- At each tick:
setPoint = setPoint + velocity

- velocity is a fixed point, signed value 8.8 bits
- fractional part is needed for acceleration
- Effect is a moving target

- with an 8.8 bit value for velocity we get numbers in the range ±127 or so
- resolution is 0.00013 m/s
- absurd but we will need that later
- can now move by 127 counts per tick
- that is, 127 * 0.035mm = 4.45mm
- maximum velocity is about 4.4m/s

- simply a change in velocity each tick
currentSpeed = currentSpeed + acceleration

- acceleration is 8.8 signed, fixed-point
- next we get to see why the fixed point numbers

- accelerating by one count per tick is 0.035mm/ms/ms
- = 35m/s/s
- the fractional part allows smaller increments of acceleration
- minimum is 35/256 = 0.137m/s/s
- 4m/s/s is 0.114 counts per tick
- stored as just 29

- having chosen consistent formats for all the parameters, at each tick:
currentSpeed = currentSpeed + acceleration

setPoint = setPoint + currentSpeed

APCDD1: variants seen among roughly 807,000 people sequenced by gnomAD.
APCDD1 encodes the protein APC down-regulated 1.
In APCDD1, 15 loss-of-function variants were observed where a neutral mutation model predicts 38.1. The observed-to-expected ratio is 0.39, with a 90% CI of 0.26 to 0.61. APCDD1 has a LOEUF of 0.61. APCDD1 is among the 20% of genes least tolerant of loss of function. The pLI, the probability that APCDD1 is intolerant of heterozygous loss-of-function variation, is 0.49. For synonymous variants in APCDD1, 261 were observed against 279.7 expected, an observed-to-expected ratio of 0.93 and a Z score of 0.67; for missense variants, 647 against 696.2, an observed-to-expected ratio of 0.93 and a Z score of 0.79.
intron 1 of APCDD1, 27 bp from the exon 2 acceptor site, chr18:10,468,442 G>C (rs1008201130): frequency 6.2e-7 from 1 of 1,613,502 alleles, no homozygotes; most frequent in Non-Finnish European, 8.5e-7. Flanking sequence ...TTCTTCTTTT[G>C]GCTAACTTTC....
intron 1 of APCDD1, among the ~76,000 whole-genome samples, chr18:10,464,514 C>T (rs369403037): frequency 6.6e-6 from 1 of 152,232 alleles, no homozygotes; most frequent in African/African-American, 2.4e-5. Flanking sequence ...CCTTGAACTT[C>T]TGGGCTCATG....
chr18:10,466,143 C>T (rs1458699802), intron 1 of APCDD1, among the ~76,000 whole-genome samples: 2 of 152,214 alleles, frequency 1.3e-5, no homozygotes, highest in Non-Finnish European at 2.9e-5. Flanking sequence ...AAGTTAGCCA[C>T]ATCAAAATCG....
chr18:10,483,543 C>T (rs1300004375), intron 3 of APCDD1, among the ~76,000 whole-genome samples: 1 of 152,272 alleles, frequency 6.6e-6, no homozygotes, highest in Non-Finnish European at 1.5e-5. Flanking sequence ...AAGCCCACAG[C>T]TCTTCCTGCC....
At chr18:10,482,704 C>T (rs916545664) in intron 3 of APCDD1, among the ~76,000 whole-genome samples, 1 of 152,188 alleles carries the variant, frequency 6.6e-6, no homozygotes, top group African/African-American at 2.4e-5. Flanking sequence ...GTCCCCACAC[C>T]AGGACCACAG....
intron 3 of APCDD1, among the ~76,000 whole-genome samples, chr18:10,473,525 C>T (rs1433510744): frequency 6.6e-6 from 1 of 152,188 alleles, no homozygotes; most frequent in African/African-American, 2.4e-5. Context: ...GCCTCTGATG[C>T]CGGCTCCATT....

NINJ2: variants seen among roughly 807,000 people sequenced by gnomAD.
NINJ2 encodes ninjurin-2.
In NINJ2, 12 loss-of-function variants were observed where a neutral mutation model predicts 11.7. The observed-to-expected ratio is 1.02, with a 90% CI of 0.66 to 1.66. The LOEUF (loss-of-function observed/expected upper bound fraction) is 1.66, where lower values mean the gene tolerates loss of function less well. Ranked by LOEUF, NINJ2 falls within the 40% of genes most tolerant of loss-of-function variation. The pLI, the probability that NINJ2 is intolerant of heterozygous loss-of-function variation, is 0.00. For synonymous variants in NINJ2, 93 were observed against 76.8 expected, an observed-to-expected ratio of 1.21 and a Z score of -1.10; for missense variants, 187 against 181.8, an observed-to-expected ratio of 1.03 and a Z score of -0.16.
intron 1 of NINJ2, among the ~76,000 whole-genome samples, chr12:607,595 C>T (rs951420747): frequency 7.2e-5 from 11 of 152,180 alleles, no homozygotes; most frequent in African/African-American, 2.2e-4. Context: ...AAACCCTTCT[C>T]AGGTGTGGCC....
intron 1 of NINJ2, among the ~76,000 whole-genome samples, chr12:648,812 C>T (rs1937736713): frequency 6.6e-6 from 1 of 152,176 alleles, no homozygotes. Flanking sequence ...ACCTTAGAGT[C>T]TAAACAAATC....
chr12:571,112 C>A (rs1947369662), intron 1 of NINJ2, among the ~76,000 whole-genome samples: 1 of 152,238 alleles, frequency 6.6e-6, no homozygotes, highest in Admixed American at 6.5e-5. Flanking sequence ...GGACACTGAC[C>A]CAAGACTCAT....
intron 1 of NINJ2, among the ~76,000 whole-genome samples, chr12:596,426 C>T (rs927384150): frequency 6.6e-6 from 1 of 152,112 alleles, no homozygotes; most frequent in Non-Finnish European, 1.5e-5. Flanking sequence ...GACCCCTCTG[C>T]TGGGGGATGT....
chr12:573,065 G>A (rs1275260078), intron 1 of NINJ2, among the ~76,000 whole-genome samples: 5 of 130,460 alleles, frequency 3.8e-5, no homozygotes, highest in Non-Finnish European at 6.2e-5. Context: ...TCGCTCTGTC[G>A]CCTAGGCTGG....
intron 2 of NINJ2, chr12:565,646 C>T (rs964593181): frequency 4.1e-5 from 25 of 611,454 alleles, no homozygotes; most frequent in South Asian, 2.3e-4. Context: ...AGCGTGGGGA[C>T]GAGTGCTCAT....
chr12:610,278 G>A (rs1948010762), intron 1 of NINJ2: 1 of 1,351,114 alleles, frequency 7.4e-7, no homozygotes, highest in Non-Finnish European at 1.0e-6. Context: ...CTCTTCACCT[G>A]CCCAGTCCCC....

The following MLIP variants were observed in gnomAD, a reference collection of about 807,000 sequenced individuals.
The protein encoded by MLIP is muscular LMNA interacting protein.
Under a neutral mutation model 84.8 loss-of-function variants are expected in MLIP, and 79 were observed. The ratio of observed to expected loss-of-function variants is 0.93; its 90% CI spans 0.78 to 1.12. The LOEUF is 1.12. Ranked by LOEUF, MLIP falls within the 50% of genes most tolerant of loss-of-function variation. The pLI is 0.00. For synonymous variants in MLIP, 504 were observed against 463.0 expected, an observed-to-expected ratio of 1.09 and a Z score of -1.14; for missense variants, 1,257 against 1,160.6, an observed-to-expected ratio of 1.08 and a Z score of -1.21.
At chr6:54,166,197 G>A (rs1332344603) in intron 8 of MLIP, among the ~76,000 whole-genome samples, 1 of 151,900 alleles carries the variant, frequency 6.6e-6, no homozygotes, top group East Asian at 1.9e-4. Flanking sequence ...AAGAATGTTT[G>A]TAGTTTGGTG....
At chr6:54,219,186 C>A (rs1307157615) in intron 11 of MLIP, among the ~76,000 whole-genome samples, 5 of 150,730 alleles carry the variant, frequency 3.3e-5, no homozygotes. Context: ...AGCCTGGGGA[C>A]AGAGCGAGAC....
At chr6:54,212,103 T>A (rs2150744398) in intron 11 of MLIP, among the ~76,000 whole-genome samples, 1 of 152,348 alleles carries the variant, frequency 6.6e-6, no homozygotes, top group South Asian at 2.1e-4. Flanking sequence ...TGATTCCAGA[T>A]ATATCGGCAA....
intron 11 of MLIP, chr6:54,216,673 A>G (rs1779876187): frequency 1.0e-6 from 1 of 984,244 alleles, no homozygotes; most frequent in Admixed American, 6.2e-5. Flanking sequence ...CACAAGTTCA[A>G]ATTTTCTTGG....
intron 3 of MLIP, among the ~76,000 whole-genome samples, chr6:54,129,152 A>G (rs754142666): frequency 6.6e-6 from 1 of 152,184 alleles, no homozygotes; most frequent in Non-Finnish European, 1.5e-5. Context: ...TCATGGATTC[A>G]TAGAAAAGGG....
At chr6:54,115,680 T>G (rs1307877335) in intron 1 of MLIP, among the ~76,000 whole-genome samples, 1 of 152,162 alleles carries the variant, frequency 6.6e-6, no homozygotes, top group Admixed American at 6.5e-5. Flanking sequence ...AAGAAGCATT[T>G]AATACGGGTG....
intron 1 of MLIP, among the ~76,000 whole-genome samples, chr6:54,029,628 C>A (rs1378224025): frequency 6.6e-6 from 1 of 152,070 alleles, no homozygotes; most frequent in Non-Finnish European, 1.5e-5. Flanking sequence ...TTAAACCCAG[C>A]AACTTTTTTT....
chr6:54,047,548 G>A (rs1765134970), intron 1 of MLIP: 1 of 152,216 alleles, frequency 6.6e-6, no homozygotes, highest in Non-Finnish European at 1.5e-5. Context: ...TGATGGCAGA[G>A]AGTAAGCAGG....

posError = (setPoint – currPosition)/256

delta = posError – oldError

oldError = posError

pwmOut = kP × posError + kD × delta

- very smooth acceleration over a useful speed range

- starting and end speed are probably non-zero

- Only two phases
- acceleration (speed limited)
- deceleration

- no mid-point calculation
- caters for variable distance
- endpoint has position and speed
- only one decision - when do we hit the brakes?

- caller needs to know when done
- three states: accelerating, braking, finished
- simple state machine can help
function updateState()

if (state == ACCELERATING) then

if (brakesNeeded()) then

state = DECELERATING

targetSpeed = endSpeed

end if

end if

if (currentPosition >= targetPosition) then

state = FINISHED

targetSpeed = currentSpeed

end if

end function

- targetSpeed important to profiler action
- start a move with targetSpeed = vMax

- equations of motion:
|v×v – u×u| = |2×a×s|

v = end speed

u = current speed

a = acceleration

s = distance remaining

- solving for s needs a division
- easier to compare LHS with RHS
- if LHS ≥ RHS then brake
- called in a function brakesNeeded()

function brakesNeeded()

lhs = abs(endSpeed * endSpeed – velocity * velocity)

rhs = abs(2 * acceleration * remaining)